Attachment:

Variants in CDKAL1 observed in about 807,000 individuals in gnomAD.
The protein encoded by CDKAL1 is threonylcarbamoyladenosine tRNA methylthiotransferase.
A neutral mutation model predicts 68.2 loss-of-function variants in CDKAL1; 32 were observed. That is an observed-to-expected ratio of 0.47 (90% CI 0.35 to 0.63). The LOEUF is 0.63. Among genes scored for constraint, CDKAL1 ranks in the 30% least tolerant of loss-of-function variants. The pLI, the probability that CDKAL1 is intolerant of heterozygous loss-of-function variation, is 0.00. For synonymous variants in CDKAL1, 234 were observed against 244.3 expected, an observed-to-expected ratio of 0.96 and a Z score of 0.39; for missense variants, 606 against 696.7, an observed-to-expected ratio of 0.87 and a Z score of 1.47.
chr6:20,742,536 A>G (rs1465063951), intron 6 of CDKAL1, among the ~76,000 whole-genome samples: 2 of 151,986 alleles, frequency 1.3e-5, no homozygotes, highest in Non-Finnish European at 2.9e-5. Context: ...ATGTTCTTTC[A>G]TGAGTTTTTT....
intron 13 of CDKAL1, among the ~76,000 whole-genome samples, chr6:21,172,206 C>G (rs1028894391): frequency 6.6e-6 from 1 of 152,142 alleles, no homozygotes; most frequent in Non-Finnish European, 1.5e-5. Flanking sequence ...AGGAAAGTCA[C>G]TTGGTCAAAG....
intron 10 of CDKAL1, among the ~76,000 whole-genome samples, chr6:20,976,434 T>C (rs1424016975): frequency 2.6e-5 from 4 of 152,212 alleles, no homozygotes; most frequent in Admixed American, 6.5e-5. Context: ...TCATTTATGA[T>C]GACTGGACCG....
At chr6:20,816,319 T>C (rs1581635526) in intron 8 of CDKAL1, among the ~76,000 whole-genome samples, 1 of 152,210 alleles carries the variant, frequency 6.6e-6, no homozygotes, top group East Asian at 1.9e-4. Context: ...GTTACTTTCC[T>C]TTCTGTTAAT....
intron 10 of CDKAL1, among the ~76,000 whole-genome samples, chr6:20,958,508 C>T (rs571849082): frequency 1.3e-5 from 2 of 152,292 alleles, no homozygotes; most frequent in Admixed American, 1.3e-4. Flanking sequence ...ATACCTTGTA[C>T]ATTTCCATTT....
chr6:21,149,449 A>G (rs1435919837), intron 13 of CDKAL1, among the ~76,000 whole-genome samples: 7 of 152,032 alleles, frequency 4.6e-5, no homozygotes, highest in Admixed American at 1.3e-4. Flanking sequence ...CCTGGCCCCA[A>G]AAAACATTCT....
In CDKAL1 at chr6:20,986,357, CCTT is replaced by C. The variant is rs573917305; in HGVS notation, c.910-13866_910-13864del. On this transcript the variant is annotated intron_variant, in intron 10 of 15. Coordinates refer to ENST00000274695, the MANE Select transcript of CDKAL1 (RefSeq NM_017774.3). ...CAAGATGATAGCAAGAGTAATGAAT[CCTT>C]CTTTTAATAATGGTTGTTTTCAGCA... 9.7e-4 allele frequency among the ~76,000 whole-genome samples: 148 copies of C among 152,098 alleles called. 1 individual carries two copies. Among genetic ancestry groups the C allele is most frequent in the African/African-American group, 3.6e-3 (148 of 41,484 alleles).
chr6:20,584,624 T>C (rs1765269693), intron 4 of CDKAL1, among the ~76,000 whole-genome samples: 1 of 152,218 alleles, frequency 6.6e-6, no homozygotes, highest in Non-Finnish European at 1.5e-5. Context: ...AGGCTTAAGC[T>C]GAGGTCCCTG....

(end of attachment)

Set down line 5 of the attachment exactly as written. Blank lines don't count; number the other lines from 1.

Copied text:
intron 13 of CDKAL1, among the ~76,000 whole-genome samples, chr6:21,172,206 C>G (rs1028894391): frequency 6.6e-6 from 1 of 152,142 alleles, no homozygotes; most frequent in Non-Finnish European, 1.5e-5. Flanking sequence ...AGGAAAGTCA[C>G]TTGGTCAAAG....